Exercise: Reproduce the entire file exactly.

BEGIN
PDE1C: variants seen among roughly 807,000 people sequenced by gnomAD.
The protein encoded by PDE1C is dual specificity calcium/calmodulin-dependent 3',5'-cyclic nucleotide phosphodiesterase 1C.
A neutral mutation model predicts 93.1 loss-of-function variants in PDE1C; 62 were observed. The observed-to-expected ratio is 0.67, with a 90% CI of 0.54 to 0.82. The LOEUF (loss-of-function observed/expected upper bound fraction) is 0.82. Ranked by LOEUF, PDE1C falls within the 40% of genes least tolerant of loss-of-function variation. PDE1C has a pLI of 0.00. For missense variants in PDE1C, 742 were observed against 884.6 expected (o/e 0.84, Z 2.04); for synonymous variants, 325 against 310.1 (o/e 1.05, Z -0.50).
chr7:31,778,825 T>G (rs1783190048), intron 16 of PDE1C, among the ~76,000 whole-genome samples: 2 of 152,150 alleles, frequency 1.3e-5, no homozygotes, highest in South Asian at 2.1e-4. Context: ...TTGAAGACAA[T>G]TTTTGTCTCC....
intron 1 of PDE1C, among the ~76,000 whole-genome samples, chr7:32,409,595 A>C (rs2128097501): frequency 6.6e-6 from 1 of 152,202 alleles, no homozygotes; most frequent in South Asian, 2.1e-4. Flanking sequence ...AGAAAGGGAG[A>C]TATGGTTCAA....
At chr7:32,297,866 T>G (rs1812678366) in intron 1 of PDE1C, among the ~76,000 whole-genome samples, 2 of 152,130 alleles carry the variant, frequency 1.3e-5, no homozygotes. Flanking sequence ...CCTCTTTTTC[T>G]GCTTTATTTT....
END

PDE1C: variants seen among roughly 807,000 people sequenced by gnomAD.
The protein encoded by PDE1C is dual specificity calcium/calmodulin-dependent 3',5'-cyclic nucleotide phosphodiesterase 1C.
A neutral mutation model predicts 93.1 loss-of-function variants in PDE1C; 62 were observed. The observed-to-expected ratio is 0.67, with a 90% CI of 0.54 to 0.82. The LOEUF (loss-of-function observed/expected upper bound fraction) is 0.82. Ranked by LOEUF, PDE1C falls within the 40% of genes least tolerant of loss-of-function variation. PDE1C has a pLI of 0.00. For missense variants in PDE1C, 742 were observed against 884.6 expected (o/e 0.84, Z 2.04); for synonymous variants, 325 against 310.1 (o/e 1.05, Z -0.50).
chr7:31,778,825 T>G (rs1783190048), intron 16 of PDE1C, among the ~76,000 whole-genome samples: 2 of 152,150 alleles, frequency 1.3e-5, no homozygotes, highest in South Asian at 2.1e-4. Context: ...TTGAAGACAA[T>G]TTTTGTCTCC....
intron 1 of PDE1C, among the ~76,000 whole-genome samples, chr7:32,409,595 A>C (rs2128097501): frequency 6.6e-6 from 1 of 152,202 alleles, no homozygotes; most frequent in South Asian, 2.1e-4. Flanking sequence ...AGAAAGGGAG[A>C]TATGGTTCAA....
At chr7:32,297,866 T>G (rs1812678366) in intron 1 of PDE1C, among the ~76,000 whole-genome samples, 2 of 152,130 alleles carry the variant, frequency 1.3e-5, no homozygotes. Flanking sequence ...CCTCTTTTTC[T>G]GCTTTATTTT....